Harvey weakens to tropical depression, heads to southwest Louisiana
Harvey should be a warning to Trump that climate change is a global threat. The storm left catastrophic floods in Houston, the oil capital of the U.S and a hub of climate change denialist campaigns.
Harvey on Wednesday weakened to a tropical depression and moved to areas east of Houston. Its center now located in southwest Louisiana, but continues to cause heavy rains and devastating floods, the US National Hurricane Center (NHC) reported.
According to a storm track forecast, Harvey's center will move through Louisiana on Wednesday night, and then pass through northwest Mississippi on Thursday.
"Catastrophic and life threatening flooding will continue in and around Houston, Beaumont/Port Arthur, eastward into southwest Louisiana for the rest of the week," the NHC said, as reported in EFE.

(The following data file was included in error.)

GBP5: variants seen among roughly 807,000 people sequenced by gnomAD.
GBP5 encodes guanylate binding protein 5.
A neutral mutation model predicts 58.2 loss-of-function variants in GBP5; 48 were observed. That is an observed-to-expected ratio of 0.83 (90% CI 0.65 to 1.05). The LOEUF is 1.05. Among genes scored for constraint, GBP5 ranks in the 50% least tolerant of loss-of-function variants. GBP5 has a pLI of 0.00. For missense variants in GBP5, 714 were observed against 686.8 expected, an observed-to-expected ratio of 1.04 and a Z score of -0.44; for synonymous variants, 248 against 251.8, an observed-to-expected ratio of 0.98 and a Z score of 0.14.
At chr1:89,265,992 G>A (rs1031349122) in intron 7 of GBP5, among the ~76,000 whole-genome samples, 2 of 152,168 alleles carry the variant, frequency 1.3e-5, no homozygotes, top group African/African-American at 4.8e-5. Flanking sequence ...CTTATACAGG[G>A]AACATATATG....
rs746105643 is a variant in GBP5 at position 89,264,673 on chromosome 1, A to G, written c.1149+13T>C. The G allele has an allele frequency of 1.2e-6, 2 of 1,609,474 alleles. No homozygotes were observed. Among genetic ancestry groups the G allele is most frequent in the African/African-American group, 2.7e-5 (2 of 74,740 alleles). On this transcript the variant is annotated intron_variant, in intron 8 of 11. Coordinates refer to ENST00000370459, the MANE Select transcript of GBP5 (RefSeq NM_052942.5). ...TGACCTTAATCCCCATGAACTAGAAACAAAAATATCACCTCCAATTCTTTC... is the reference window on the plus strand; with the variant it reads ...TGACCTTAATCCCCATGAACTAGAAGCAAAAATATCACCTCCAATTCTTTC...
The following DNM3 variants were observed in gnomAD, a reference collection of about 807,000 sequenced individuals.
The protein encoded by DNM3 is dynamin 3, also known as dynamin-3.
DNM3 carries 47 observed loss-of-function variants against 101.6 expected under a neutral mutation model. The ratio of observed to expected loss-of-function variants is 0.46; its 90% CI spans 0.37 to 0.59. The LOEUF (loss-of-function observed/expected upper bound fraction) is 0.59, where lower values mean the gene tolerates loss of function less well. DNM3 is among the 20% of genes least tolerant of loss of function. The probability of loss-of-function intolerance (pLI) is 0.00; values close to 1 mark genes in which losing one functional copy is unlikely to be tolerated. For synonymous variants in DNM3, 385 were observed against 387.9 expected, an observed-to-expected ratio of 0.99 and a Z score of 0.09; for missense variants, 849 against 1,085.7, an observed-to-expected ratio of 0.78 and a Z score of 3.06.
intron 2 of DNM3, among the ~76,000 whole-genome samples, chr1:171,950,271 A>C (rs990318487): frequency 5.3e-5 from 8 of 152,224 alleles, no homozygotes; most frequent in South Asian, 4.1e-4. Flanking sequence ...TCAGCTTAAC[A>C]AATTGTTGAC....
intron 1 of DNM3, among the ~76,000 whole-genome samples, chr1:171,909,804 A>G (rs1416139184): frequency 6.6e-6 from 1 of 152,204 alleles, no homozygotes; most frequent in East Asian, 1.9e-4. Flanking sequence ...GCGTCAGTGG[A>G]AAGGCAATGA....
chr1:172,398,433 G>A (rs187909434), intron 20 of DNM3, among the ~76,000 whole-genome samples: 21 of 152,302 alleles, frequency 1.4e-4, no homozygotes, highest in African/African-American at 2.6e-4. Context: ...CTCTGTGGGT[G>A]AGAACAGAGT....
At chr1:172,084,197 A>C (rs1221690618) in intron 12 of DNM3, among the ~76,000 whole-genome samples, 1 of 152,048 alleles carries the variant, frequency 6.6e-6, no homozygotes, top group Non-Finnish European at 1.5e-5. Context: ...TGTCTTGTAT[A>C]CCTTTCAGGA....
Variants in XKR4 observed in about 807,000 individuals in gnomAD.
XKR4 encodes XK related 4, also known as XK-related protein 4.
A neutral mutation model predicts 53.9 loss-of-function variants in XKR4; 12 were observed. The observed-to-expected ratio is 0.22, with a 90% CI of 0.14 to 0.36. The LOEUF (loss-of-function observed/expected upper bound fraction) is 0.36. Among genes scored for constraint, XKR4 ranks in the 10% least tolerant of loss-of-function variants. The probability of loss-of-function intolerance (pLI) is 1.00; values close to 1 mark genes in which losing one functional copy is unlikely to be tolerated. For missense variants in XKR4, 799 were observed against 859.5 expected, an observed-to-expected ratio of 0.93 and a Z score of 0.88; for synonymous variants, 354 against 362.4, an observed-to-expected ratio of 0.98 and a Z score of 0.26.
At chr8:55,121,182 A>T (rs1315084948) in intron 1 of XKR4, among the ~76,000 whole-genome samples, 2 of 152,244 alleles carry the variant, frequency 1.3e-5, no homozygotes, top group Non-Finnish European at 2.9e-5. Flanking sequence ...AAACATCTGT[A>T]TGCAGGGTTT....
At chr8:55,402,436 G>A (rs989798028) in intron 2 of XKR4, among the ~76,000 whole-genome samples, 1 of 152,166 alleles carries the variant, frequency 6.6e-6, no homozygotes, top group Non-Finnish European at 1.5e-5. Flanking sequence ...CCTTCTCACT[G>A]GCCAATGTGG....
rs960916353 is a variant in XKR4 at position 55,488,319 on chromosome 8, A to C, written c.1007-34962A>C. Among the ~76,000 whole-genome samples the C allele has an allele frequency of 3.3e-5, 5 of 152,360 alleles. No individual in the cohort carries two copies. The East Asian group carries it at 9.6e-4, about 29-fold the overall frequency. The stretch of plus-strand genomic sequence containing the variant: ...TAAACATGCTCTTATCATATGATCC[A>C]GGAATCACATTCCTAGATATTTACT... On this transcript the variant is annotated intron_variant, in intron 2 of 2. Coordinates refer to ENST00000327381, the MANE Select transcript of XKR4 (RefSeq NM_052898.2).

Harvey, which entered Texas on Friday night as a powerful Category 4 hurricane, has left catastrophic floods in Texas, leaving at least 20 people dead and over 17,000 displaced.
President Donald Trump flew to Corpus Christi on Tuesday to view the damage and encourage rescue teams, but he opted not to visit Houston. Much of that area is still underwater.
"Harvey should be a warning to Trump that climate change is a global threat," as reported in L.A Times editorial.
Spanish newspaper La Vanguardia reported that the best selling book at New York's Hudson Bookstore is A drowned city, a comic book about Hurricane Katrina in New Orleans. Eighty percent of the city flooded, in some places under twenty feet of water.
In Houston, the oil capital of the United States, a third of its neighborhoods are now under water with 30,000 people already housed in sheltered facilities. After all, Houston, the fourth-largest US city of about six million people, has been the hub of denialist campaigns designed to convince Americans that "these apocalyptic acts of nature have nothing to do With the business of fossil energies," as reported in La Vanguardia.